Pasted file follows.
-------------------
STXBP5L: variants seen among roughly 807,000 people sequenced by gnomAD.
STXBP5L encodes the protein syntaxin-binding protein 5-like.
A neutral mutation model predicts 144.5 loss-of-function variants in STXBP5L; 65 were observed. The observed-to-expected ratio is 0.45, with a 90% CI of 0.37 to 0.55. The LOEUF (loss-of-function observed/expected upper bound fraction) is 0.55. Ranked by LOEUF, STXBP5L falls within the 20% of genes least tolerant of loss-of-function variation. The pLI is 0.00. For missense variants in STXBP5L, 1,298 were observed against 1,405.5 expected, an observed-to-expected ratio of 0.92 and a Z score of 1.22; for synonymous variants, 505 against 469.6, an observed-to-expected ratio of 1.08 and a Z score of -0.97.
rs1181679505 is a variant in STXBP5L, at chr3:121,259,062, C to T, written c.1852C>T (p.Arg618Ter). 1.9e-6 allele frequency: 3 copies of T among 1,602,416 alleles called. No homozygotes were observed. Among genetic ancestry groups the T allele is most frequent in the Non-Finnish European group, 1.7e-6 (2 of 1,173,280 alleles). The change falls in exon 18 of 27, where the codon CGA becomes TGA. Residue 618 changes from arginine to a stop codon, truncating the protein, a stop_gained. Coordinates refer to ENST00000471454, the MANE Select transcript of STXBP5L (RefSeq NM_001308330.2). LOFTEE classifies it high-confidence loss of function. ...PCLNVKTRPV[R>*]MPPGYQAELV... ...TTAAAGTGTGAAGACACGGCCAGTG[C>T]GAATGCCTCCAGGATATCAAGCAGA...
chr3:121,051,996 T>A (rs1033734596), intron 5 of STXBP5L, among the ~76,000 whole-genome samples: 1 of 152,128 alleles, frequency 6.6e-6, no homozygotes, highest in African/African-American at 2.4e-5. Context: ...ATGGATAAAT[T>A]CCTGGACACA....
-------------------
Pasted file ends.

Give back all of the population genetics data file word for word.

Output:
STXBP5L: variants seen among roughly 807,000 people sequenced by gnomAD.
STXBP5L encodes the protein syntaxin-binding protein 5-like.
A neutral mutation model predicts 144.5 loss-of-function variants in STXBP5L; 65 were observed. The observed-to-expected ratio is 0.45, with a 90% CI of 0.37 to 0.55. The LOEUF (loss-of-function observed/expected upper bound fraction) is 0.55. Ranked by LOEUF, STXBP5L falls within the 20% of genes least tolerant of loss-of-function variation. The pLI is 0.00. For missense variants in STXBP5L, 1,298 were observed against 1,405.5 expected, an observed-to-expected ratio of 0.92 and a Z score of 1.22; for synonymous variants, 505 against 469.6, an observed-to-expected ratio of 1.08 and a Z score of -0.97.
rs1181679505 is a variant in STXBP5L, at chr3:121,259,062, C to T, written c.1852C>T (p.Arg618Ter). 1.9e-6 allele frequency: 3 copies of T among 1,602,416 alleles called. No homozygotes were observed. Among genetic ancestry groups the T allele is most frequent in the Non-Finnish European group, 1.7e-6 (2 of 1,173,280 alleles). The change falls in exon 18 of 27, where the codon CGA becomes TGA. Residue 618 changes from arginine to a stop codon, truncating the protein, a stop_gained. Coordinates refer to ENST00000471454, the MANE Select transcript of STXBP5L (RefSeq NM_001308330.2). LOFTEE classifies it high-confidence loss of function. ...PCLNVKTRPV[R>*]MPPGYQAELV... ...TTAAAGTGTGAAGACACGGCCAGTG[C>T]GAATGCCTCCAGGATATCAAGCAGA...
chr3:121,051,996 T>A (rs1033734596), intron 5 of STXBP5L, among the ~76,000 whole-genome samples: 1 of 152,128 alleles, frequency 6.6e-6, no homozygotes, highest in African/African-American at 2.4e-5. Context: ...ATGGATAAAT[T>A]CCTGGACACA....